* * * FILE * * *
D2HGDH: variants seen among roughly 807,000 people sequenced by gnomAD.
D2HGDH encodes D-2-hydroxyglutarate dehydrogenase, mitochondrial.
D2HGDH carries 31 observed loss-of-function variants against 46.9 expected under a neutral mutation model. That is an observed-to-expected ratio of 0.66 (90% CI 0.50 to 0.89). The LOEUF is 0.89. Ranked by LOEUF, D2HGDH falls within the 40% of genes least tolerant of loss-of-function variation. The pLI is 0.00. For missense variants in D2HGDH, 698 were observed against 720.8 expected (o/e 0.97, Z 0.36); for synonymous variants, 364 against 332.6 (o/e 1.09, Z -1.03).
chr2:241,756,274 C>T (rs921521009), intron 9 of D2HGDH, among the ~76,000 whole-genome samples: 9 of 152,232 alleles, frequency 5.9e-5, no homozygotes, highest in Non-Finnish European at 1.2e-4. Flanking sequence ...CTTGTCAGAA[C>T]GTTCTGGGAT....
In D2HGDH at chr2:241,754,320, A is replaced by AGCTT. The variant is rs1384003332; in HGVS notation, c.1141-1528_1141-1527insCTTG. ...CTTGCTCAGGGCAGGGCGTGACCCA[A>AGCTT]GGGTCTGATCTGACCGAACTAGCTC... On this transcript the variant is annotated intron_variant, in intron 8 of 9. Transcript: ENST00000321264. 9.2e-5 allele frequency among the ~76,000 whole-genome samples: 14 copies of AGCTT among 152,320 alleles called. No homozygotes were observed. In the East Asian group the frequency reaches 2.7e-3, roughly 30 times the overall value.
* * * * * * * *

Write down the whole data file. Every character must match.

D2HGDH: variants seen among roughly 807,000 people sequenced by gnomAD.
D2HGDH encodes D-2-hydroxyglutarate dehydrogenase, mitochondrial.
D2HGDH carries 31 observed loss-of-function variants against 46.9 expected under a neutral mutation model. That is an observed-to-expected ratio of 0.66 (90% CI 0.50 to 0.89). The LOEUF is 0.89. Ranked by LOEUF, D2HGDH falls within the 40% of genes least tolerant of loss-of-function variation. The pLI is 0.00. For missense variants in D2HGDH, 698 were observed against 720.8 expected (o/e 0.97, Z 0.36); for synonymous variants, 364 against 332.6 (o/e 1.09, Z -1.03).
chr2:241,756,274 C>T (rs921521009), intron 9 of D2HGDH, among the ~76,000 whole-genome samples: 9 of 152,232 alleles, frequency 5.9e-5, no homozygotes, highest in Non-Finnish European at 1.2e-4. Flanking sequence ...CTTGTCAGAA[C>T]GTTCTGGGAT....
In D2HGDH at chr2:241,754,320, A is replaced by AGCTT. The variant is rs1384003332; in HGVS notation, c.1141-1528_1141-1527insCTTG. ...CTTGCTCAGGGCAGGGCGTGACCCA[A>AGCTT]GGGTCTGATCTGACCGAACTAGCTC... On this transcript the variant is annotated intron_variant, in intron 8 of 9. Transcript: ENST00000321264. 9.2e-5 allele frequency among the ~76,000 whole-genome samples: 14 copies of AGCTT among 152,320 alleles called. No homozygotes were observed. In the East Asian group the frequency reaches 2.7e-3, roughly 30 times the overall value.